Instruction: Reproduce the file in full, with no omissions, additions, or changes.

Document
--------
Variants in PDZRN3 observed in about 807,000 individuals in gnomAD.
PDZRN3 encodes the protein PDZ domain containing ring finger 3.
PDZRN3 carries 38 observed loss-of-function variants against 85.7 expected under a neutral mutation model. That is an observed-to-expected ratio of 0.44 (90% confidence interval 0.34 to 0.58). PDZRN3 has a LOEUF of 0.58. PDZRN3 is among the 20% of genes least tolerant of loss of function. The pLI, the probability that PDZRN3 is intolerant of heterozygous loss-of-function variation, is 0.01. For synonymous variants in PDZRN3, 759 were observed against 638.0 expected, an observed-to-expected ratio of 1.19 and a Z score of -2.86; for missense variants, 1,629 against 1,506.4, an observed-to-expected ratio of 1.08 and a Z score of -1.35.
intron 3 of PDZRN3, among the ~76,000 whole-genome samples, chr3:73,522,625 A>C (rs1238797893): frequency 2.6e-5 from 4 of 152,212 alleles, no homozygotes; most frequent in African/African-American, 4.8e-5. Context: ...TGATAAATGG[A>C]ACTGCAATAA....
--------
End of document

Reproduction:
Variants in PDZRN3 observed in about 807,000 individuals in gnomAD.
PDZRN3 encodes the protein PDZ domain containing ring finger 3.
PDZRN3 carries 38 observed loss-of-function variants against 85.7 expected under a neutral mutation model. That is an observed-to-expected ratio of 0.44 (90% confidence interval 0.34 to 0.58). PDZRN3 has a LOEUF of 0.58. PDZRN3 is among the 20% of genes least tolerant of loss of function. The pLI, the probability that PDZRN3 is intolerant of heterozygous loss-of-function variation, is 0.01. For synonymous variants in PDZRN3, 759 were observed against 638.0 expected, an observed-to-expected ratio of 1.19 and a Z score of -2.86; for missense variants, 1,629 against 1,506.4, an observed-to-expected ratio of 1.08 and a Z score of -1.35.
intron 3 of PDZRN3, among the ~76,000 whole-genome samples, chr3:73,522,625 A>C (rs1238797893): frequency 2.6e-5 from 4 of 152,212 alleles, no homozygotes; most frequent in African/African-American, 4.8e-5. Context: ...TGATAAATGG[A>C]ACTGCAATAA....